Barrels and nappies

More than 200 people roamed the beach on Monday, collecting items ranging from wooden barrels and car parts to nappies.

Under the merchant shipping act, salvage remains the property of the original owner and anyone finding washed-up goods must contact a government official - the "receiver of the wreck" - within 28 days.

The maritime and coastguard agency said people could be charged with theft if they failed to report the salvage they take from the beach.

Mark Clark, an MCA spokesman, said the scavengers were guilty of "crass greed".

He said: "They have quadrupled our task. People are lighting fires beside the containers, getting on top of them ripping stuff out, and not heeding our warnings.

"The MCA is deeply upset and angry because all the stuff which has been ripped out of the containers will be swept out to sea and have an environmental impact."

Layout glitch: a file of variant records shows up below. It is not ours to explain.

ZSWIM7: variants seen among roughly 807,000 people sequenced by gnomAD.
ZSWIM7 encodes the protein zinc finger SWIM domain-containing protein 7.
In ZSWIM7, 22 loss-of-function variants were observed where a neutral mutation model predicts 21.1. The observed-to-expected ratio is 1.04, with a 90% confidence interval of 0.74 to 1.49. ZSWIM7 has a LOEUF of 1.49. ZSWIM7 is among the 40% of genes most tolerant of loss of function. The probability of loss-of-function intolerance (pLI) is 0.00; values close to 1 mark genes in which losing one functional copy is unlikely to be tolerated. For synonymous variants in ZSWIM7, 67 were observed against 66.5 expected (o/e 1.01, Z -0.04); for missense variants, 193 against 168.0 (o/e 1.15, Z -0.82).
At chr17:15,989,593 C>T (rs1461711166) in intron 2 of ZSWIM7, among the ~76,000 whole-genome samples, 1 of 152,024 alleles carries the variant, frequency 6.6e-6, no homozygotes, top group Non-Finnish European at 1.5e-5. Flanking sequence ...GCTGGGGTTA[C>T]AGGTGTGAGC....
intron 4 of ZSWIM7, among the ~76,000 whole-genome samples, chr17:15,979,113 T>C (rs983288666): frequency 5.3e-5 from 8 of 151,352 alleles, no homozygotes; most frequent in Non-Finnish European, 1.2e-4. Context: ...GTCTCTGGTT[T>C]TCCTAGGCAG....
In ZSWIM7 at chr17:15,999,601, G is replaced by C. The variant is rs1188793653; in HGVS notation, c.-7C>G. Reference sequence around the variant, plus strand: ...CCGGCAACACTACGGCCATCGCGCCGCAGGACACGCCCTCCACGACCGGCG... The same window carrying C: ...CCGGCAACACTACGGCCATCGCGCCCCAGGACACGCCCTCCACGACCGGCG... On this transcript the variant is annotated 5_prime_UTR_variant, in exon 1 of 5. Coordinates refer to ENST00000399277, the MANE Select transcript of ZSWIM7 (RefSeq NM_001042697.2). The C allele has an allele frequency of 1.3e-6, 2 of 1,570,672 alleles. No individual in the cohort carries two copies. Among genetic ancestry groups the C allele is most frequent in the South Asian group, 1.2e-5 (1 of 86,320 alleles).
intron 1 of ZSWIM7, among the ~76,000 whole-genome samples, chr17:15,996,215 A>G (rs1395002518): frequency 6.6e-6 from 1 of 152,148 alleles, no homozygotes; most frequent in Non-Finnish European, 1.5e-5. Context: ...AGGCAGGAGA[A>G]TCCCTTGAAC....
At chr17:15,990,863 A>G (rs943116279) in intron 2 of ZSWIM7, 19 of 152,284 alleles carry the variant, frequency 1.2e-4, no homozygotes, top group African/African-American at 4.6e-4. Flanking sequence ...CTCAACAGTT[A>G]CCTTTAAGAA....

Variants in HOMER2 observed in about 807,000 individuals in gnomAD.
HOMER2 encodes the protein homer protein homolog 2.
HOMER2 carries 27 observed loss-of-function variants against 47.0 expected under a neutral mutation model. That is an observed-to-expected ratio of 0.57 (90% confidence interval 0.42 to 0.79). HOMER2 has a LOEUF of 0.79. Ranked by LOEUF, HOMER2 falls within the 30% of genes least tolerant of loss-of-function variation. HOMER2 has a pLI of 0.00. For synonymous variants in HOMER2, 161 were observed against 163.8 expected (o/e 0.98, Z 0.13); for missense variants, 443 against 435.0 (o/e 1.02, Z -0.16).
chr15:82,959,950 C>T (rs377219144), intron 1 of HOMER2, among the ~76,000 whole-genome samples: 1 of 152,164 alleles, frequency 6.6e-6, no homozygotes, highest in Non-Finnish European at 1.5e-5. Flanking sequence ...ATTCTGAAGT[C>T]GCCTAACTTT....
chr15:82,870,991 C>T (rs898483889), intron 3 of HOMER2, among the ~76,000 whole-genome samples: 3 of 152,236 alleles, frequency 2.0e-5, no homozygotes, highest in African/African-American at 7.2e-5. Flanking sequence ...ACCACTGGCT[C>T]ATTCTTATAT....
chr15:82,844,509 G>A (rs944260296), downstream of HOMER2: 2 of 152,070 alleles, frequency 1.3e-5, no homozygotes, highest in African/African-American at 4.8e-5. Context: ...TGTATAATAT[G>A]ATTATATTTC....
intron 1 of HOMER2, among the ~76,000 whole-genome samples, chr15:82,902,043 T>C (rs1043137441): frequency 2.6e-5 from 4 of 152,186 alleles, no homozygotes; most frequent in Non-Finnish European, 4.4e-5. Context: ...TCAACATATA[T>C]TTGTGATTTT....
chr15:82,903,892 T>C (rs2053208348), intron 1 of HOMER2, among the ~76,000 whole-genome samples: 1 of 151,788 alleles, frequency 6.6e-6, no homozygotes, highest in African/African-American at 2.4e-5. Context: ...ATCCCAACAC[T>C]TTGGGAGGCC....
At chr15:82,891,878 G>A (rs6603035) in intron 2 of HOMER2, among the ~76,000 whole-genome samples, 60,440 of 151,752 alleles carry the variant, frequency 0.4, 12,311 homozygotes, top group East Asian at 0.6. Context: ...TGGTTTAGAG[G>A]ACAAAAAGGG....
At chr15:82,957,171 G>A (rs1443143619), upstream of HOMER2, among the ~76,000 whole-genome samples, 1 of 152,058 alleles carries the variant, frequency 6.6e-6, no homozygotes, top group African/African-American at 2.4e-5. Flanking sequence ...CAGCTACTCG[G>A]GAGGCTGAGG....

Heavy lifting equipment is to be moved down to the beach to begin removing the containers and other goods, and officers said the area would be dangerous and advised the public to stay away.

Salvage teams

The British-flagged Napoli is listing at up to 25 degrees and has already lost waste oil and more than 100 of its 2,400 containers into the sea.

About 200 tonnes of oil have leaked but the MCA said this did not pose a major environmental threat.

Coastguards said salvage teams hoped to be able to start pumping out the remaining 3,000 tonnes of fuel oil from the ship's tanks, but experts warned this may take several days.

The vessel, built in 1991, was bound from Belgium to Portugal when it was holed.

Its 26 crew took to a lifeboat and were winched to safety by a helicopter.